Jays a-Jays Five for iOS earbuds
Jays’ latest instalment of the a-Jays series earbuds is a durable, yet sleek-looking product that provides great all-round sound
- Sleek design
- Great sound
- Reasonable price
- Heavy cord can pull out the earpiece
- Remote only works with iOS (Android and Windows Phone are also available)
The a-Jays Five are a great set of earbuds for the price. Their noise isolation is impressive, and we like the fact that they didn’t leak sound people nearby unless we used very high volume. They have a design that’s durable, and they produced good sound across a wide variety of musical genres during our testing.
Price$ 120.00 (AUD)
Jays has released the latest instalment in its a-Jays range of earbuds, the top of the line a-Jays Five, and they are an impressive piece of kit. They are available in black or white, and in three different versions for iOS, Android, and Windows. We reviewed the iOS version using an iPhone 4S primarily.
The a-Jays Five come with four different-sized tips, which makes them suitable for most ear sizes, a handy cord clip, and a solid carry case that helps protect the earbuds when they are not in use.
The design of the a-Jays Five earbuds is sleek, and we like the fact that a-Jays has not tried to do too much with them. In a market seemingly saturated with multi-coloured, protrusion-heavy products that are often more like fashion accessories than simple devices, it is nice to find a design where form follows function.
The earbuds sit snugly in the ear, providing excellent ambient noise reduction. Furthermore, they don’t subject your co-workers or fellow commuters to whatever music you may be listening to at the time. The cable is a good length at 115cm and allows your iPhone, iPad or iPod to sit in your pocket or bag comfortably while still allowing for reasonable levels of movement.
The cord weight is one of the only issues we found with the design. At times, the cord can pull on the bud itself, inhibiting the fit in the ear if it’s not sitting properly. This problem can be easily overcome by pulling slightly on the outer ear during the insertion of the earbuds, and by using the clip provided to stop the cord from moving. The weight of the cord then becomes less of an issue. There are benefits to the heavy cord though. Mainly, the heavy cord reflects the quality of construction of the earbuds and it means that they are more durable than many competing products.
There is nothing more frustrating than forking out over $100 on a pair of earbuds and within a couple of months having one channel loose sound due to crimping of the cord. The flat cord means that there are fewer problems associated with twisting and tangling. The cable can sometimes brush against your shirt and this produces an audible sound, even at higher volumes. With the use of the clip, this becomes less of an issue, and even without it the problem is a minor hindrance.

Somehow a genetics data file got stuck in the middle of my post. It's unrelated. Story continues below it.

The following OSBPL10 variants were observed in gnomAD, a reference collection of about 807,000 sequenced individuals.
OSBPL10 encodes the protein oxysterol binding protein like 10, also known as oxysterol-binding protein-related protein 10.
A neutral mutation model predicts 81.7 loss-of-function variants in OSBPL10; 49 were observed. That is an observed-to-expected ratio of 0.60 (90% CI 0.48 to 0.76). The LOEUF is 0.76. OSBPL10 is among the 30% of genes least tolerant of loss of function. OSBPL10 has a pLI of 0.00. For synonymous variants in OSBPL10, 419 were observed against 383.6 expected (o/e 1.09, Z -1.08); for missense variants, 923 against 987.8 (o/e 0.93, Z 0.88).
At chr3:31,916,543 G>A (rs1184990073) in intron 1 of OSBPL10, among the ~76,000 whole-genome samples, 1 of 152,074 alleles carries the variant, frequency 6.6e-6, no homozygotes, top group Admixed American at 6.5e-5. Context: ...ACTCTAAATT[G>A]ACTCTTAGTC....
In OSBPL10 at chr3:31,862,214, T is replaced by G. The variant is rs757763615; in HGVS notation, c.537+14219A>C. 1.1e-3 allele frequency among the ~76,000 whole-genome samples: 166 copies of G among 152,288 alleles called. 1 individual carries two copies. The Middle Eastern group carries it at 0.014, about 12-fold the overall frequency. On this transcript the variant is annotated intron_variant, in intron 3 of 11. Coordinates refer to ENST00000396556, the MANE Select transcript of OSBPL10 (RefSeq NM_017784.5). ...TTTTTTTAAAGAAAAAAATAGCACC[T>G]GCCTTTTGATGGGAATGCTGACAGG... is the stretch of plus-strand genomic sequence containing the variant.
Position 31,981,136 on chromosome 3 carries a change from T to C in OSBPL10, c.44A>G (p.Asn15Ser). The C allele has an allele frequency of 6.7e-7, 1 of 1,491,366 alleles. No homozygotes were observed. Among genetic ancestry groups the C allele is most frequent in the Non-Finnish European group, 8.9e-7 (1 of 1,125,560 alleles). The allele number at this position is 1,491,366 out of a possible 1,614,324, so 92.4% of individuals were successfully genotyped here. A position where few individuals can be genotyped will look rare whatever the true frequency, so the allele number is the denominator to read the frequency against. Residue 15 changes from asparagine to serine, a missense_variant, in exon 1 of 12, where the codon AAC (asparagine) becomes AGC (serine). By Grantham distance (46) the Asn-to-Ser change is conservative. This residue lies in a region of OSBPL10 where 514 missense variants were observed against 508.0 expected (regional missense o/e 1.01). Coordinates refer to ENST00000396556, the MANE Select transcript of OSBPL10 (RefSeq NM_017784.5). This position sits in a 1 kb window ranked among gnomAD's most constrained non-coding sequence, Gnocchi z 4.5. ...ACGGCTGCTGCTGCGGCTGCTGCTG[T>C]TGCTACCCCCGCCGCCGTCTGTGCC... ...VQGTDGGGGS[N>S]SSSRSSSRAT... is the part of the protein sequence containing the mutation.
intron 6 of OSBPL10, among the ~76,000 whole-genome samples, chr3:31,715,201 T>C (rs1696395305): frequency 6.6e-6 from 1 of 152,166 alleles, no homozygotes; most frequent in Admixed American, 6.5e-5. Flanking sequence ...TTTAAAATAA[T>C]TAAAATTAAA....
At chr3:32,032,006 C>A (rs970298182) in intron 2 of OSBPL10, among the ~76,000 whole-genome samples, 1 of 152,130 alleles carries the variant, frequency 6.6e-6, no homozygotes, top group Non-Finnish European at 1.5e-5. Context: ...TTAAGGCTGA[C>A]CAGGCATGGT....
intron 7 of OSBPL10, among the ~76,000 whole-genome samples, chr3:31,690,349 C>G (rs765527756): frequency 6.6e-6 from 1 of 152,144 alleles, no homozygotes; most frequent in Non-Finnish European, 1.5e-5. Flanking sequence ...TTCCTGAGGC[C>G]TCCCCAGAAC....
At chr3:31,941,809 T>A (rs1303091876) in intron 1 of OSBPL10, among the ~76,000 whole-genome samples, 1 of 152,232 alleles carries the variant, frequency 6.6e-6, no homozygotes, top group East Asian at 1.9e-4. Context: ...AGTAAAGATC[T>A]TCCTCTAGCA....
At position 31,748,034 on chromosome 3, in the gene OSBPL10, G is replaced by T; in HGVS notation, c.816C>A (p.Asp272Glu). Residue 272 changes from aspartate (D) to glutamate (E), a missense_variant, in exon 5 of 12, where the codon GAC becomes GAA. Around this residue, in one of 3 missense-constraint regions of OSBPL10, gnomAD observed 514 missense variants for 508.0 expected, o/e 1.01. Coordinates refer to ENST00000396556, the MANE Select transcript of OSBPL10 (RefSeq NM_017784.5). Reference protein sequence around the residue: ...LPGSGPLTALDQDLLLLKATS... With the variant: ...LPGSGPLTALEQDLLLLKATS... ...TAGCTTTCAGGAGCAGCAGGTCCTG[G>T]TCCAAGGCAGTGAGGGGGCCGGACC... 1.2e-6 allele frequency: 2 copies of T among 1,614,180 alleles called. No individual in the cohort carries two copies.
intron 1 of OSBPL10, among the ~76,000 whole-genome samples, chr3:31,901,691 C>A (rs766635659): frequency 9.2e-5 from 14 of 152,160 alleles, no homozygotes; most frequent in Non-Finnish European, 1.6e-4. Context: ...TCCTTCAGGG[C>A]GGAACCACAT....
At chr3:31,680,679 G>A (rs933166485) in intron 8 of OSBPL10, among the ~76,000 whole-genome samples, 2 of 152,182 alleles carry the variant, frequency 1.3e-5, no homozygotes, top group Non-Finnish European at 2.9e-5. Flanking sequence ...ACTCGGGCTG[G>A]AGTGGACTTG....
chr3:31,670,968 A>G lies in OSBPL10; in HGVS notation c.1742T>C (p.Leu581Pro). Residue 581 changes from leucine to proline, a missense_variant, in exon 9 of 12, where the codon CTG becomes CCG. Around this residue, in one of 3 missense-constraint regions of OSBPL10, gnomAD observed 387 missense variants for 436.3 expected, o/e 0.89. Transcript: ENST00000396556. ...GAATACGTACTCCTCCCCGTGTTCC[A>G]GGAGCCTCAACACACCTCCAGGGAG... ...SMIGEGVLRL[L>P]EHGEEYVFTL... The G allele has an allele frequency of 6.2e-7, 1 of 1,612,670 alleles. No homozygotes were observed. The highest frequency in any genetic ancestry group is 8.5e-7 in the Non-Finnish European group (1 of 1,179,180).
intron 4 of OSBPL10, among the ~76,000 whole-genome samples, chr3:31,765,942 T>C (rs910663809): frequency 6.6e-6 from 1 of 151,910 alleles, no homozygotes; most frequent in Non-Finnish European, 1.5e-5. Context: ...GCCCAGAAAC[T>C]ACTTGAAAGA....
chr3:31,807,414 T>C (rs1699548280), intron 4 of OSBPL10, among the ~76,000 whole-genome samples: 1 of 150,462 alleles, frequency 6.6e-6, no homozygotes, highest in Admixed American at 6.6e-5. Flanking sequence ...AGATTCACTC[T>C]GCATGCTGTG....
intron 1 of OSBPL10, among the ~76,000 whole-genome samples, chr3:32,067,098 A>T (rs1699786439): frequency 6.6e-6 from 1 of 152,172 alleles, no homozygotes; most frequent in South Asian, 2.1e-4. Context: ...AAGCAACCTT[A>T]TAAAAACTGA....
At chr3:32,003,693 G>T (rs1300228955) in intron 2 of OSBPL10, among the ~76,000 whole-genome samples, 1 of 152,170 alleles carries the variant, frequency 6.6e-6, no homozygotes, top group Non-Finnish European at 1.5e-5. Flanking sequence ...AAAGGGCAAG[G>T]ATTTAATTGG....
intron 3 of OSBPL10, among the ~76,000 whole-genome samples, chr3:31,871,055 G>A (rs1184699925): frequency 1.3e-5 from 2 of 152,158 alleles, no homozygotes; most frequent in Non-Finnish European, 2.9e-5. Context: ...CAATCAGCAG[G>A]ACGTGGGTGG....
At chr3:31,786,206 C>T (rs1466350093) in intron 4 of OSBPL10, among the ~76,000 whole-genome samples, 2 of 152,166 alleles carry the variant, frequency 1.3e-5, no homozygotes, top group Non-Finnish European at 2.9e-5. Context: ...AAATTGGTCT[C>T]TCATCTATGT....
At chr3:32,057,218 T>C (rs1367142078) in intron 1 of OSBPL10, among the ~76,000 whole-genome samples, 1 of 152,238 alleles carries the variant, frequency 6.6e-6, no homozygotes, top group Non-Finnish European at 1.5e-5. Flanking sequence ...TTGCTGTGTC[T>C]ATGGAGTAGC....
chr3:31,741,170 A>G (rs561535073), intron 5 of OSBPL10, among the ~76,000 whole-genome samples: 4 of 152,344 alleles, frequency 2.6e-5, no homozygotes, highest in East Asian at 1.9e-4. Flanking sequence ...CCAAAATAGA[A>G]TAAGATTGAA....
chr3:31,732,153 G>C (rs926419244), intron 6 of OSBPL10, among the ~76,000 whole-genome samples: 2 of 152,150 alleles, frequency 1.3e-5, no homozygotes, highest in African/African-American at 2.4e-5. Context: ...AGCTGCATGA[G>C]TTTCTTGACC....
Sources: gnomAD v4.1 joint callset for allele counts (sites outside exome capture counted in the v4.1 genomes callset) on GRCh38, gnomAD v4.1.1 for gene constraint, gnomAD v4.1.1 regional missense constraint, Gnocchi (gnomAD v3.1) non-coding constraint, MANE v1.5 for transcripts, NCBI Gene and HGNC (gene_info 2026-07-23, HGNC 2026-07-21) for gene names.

The remote microphone is situated higher up than many others on the market and the simple three button design provides functionality while not being too inhibiting. The main button can be used to play and pause music, answer calls, and skip tracks forwards and backwards depending on the number of times it is pressed. Combined with the up and down volume buttons, it gives great control over your device without you having to dig into your pocket or bag.
Overall, the sound quality is of a very high level for the price range. There is no discernible distortion at loud volumes regardless of the style of music being played. When dealing with MP3, there is obviously a reduced frequency range. Most of the tracks we tested were at 320Kbps, and we also plugged the earphones into a record player to see if there was any difference when listening to vinyl. The results were impressive. While we can’t envisage many users listening to their vinyl collections through in-ear headphones such as these, it’s nice to know that they are up to the task.
Bass-heavy tracks like Jay-Z’s Holy Grail gave immersive sound that is more akin to over-ear models than similarly priced in-ear products. When listening to less heavily produced songs like The Rolling Stones’ Beast of Burden the sound comes through with warmth, clarity, and crispness that makes an enjoyable listening experience.
Heavier, more frantic tracks like Bad Religion’s True North or The Mars Volta’s Intergalactic E.S.P don’t distort and come through as clear at high volume levels as they do at lower levels. When listening to podcasts, vocals were as clear and crisp as they need to be, and the in-ear style of the buds means that audio can be heard at low levels even in noisy environments.